Believed what? Believed on the Lord Jesus Christ - believed that he died on the cross for the forgiveness of sins, and trusted him as the one who by that death saves you from sin. And this faith is a gracious gift of God. The salvation that results from it is a gracious gift of God. The eternal life we now possess, the love relationship we now have with the Father and the Son and the Spirit, the promises we now know, of comfort and strength and guidance and future glory, all of these are gracious gifts of God. We are those who by grace have believed. And it was those who by grace believed who were strengthened by the ministry Apollos brought to Corinth.

        But the Spirit didn’t just have him there for the believers, but also to serve as an evangelist and an apologist to those who did not believe. Apollos came alongside this church and helped in their dialog with the culture. In particular he refuted the arguments of the unbelieving Jews, and demonstrated from the Scriptures that Jesus was the Christ. This was probably his strength even before Priscilla and Aquila taught him - even more so afterward. And it was of great help to this fledgling church to have someone there who could reason against the reasoning of the unbelievers. God gives people like that to his church. Jonathan Kittle and I were recently mentioning Ravi Zacharias, who has been that kind of person for this generation.

        So the Spirit is playing chess. Maybe you don’t feel good about being a pawn in the Spirit’s chess, but remember it’s only a figure of speech. We could have used war gaming, weaving a tapestry or even managing a company as the visual image for what’s going on here. It’s the conceptual reality behind the image that matters. A sovereign God is working out his purposes in detail in this world, and he has chosen to use his people to accomplish many of those purpose. And people aren’t the only tool he has - circumstances are very important as well, and the direct influence of the Spirit on people’s hearts is important and the sovereign gift of grace is critical. But God has chosen to give you, his follower a part in the divine plan, a role to play in his drama, and he’s put you right there, where you are, for his purposes.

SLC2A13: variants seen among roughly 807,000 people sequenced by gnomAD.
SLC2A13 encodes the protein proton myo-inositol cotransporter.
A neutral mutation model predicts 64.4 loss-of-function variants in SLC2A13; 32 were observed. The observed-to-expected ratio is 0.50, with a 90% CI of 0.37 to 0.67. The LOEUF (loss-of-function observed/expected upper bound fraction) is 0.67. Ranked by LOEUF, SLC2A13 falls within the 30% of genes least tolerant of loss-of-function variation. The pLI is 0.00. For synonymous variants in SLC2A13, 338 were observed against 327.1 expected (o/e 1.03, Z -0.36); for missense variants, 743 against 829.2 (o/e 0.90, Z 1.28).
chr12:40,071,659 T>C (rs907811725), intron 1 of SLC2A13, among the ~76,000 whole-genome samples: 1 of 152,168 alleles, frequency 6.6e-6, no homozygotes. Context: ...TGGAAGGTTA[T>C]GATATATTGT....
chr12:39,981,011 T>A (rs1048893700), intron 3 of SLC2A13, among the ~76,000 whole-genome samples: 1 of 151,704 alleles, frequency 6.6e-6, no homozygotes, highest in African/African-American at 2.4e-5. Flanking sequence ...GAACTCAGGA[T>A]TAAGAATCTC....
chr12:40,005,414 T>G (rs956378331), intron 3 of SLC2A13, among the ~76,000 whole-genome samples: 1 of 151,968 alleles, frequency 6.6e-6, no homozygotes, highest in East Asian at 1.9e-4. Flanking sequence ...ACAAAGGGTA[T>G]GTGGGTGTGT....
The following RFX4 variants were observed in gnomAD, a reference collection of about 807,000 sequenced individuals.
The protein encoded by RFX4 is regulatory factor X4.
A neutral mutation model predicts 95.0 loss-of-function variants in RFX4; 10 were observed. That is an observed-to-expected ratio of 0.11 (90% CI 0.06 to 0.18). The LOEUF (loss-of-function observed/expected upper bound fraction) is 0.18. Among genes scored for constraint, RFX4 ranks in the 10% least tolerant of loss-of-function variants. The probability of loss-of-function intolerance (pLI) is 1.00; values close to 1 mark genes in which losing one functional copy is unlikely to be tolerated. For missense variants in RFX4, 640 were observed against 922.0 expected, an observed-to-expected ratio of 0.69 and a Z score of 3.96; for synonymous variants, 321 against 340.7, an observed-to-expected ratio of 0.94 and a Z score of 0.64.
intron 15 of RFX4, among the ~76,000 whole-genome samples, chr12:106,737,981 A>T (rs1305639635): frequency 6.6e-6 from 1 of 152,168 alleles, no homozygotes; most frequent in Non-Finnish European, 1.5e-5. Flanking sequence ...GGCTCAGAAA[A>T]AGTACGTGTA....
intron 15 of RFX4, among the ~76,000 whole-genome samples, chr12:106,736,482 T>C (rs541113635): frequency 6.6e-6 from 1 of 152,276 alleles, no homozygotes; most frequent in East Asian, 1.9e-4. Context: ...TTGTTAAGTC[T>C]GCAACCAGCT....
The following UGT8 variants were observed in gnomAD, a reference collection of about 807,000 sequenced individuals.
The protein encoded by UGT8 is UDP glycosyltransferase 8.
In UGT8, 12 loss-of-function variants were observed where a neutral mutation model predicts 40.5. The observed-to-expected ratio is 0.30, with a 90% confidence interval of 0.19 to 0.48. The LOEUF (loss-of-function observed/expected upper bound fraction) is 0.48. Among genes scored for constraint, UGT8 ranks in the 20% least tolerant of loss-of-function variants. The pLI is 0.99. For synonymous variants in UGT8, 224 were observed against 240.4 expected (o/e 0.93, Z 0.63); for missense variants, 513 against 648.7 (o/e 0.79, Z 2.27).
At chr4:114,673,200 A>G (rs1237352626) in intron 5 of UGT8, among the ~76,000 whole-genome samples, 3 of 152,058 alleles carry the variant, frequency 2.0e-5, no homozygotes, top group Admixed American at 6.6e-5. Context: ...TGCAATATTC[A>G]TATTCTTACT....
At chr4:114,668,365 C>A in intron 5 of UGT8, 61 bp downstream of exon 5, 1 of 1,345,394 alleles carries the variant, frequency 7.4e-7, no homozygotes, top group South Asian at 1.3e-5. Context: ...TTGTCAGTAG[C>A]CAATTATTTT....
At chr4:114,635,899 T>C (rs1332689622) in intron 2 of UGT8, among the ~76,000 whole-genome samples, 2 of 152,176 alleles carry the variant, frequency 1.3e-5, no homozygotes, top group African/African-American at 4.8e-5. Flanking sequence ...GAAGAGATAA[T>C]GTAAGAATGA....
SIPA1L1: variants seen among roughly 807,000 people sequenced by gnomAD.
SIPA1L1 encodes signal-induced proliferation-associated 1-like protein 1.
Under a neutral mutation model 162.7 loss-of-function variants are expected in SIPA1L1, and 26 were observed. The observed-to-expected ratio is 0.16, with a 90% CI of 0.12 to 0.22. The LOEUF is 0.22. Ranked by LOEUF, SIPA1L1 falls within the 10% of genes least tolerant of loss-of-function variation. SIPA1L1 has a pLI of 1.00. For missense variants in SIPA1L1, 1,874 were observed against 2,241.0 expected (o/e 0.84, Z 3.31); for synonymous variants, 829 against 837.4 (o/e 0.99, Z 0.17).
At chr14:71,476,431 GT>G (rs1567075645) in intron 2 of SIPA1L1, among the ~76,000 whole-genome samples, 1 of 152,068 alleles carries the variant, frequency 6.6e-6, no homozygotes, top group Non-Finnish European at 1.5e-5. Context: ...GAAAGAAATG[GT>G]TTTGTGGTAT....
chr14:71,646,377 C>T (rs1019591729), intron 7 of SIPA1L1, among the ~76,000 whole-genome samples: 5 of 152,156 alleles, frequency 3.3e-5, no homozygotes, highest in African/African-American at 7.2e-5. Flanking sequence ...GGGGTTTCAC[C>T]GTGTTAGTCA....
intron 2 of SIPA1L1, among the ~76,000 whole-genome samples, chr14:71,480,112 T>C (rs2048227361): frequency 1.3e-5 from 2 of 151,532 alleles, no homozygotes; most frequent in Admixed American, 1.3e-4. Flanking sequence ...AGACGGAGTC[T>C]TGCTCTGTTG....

Think about your circumstances for a moment. You live here in the greater Houston area, and there in your neighborhood, and you attend worship here at this church and none of those choices was completely voluntary on your part. Outside forces and circumstances and the Spirit’s guidance had a lot to do with them. Why then do you find it hard to believe you’re where God wants you to be? Is it because you don’t see anything happening, except maybe discouraging things, and so you think ‘God’s not using me. I’m not important’. Balderdash. Bunk. He’s using you, and he wants to use you more, and you are important, and his heart’s desire is that you cooperate with his purposes and do the things Scripture calls you to do, to play a godly part in his plan. That’s what Apollos did when he defended the faith in Corinth. That’s what Priscilla and Aquila did when they taught Apollos. That’s what Paul did when he strengthened the churches and preached the Good News. The Spirit puts his people in place for his purposes.